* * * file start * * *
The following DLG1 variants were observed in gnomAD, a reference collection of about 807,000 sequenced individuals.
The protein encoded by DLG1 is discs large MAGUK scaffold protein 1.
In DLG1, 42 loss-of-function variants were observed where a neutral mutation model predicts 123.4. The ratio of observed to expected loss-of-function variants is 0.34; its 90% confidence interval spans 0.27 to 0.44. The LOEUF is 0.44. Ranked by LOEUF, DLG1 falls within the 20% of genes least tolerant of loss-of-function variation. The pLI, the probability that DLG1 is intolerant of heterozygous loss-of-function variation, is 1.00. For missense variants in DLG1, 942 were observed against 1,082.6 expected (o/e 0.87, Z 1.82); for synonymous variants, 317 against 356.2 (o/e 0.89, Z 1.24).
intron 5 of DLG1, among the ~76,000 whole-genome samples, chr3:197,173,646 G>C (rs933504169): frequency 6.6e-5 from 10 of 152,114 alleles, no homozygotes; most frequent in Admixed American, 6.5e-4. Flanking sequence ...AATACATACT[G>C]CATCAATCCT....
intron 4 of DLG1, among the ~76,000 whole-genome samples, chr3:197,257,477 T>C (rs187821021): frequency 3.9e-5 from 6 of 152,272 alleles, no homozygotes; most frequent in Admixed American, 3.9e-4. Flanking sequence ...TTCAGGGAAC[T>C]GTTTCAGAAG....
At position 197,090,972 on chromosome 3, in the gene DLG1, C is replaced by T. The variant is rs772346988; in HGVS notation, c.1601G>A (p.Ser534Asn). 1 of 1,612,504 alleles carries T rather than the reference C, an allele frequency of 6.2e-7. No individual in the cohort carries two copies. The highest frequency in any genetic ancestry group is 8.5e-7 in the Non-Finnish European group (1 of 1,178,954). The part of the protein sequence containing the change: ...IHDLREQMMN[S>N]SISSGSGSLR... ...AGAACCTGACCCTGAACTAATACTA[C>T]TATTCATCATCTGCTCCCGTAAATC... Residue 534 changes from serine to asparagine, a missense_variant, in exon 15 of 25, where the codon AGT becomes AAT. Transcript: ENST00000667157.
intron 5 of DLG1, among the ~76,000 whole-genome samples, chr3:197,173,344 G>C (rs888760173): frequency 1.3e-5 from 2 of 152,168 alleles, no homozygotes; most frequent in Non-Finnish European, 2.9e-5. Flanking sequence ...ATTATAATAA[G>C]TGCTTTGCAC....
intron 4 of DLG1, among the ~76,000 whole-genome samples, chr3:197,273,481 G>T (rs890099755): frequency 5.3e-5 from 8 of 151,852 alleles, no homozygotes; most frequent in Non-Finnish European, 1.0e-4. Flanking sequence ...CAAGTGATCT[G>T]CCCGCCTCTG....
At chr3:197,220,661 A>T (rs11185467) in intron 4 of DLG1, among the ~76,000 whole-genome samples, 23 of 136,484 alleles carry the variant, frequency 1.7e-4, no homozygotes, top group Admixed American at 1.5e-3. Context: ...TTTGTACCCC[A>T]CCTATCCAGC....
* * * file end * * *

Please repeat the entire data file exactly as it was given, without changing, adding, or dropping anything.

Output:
The following DLG1 variants were observed in gnomAD, a reference collection of about 807,000 sequenced individuals.
The protein encoded by DLG1 is discs large MAGUK scaffold protein 1.
In DLG1, 42 loss-of-function variants were observed where a neutral mutation model predicts 123.4. The ratio of observed to expected loss-of-function variants is 0.34; its 90% confidence interval spans 0.27 to 0.44. The LOEUF is 0.44. Ranked by LOEUF, DLG1 falls within the 20% of genes least tolerant of loss-of-function variation. The pLI, the probability that DLG1 is intolerant of heterozygous loss-of-function variation, is 1.00. For missense variants in DLG1, 942 were observed against 1,082.6 expected (o/e 0.87, Z 1.82); for synonymous variants, 317 against 356.2 (o/e 0.89, Z 1.24).
intron 5 of DLG1, among the ~76,000 whole-genome samples, chr3:197,173,646 G>C (rs933504169): frequency 6.6e-5 from 10 of 152,114 alleles, no homozygotes; most frequent in Admixed American, 6.5e-4. Flanking sequence ...AATACATACT[G>C]CATCAATCCT....
intron 4 of DLG1, among the ~76,000 whole-genome samples, chr3:197,257,477 T>C (rs187821021): frequency 3.9e-5 from 6 of 152,272 alleles, no homozygotes; most frequent in Admixed American, 3.9e-4. Flanking sequence ...TTCAGGGAAC[T>C]GTTTCAGAAG....
At position 197,090,972 on chromosome 3, in the gene DLG1, C is replaced by T. The variant is rs772346988; in HGVS notation, c.1601G>A (p.Ser534Asn). 1 of 1,612,504 alleles carries T rather than the reference C, an allele frequency of 6.2e-7. No individual in the cohort carries two copies. The highest frequency in any genetic ancestry group is 8.5e-7 in the Non-Finnish European group (1 of 1,178,954). The part of the protein sequence containing the change: ...IHDLREQMMN[S>N]SISSGSGSLR... ...AGAACCTGACCCTGAACTAATACTA[C>T]TATTCATCATCTGCTCCCGTAAATC... Residue 534 changes from serine to asparagine, a missense_variant, in exon 15 of 25, where the codon AGT becomes AAT. Transcript: ENST00000667157.
intron 5 of DLG1, among the ~76,000 whole-genome samples, chr3:197,173,344 G>C (rs888760173): frequency 1.3e-5 from 2 of 152,168 alleles, no homozygotes; most frequent in Non-Finnish European, 2.9e-5. Flanking sequence ...ATTATAATAA[G>C]TGCTTTGCAC....
intron 4 of DLG1, among the ~76,000 whole-genome samples, chr3:197,273,481 G>T (rs890099755): frequency 5.3e-5 from 8 of 151,852 alleles, no homozygotes; most frequent in Non-Finnish European, 1.0e-4. Flanking sequence ...CAAGTGATCT[G>T]CCCGCCTCTG....
At chr3:197,220,661 A>T (rs11185467) in intron 4 of DLG1, among the ~76,000 whole-genome samples, 23 of 136,484 alleles carry the variant, frequency 1.7e-4, no homozygotes, top group Admixed American at 1.5e-3. Context: ...TTTGTACCCC[A>T]CCTATCCAGC....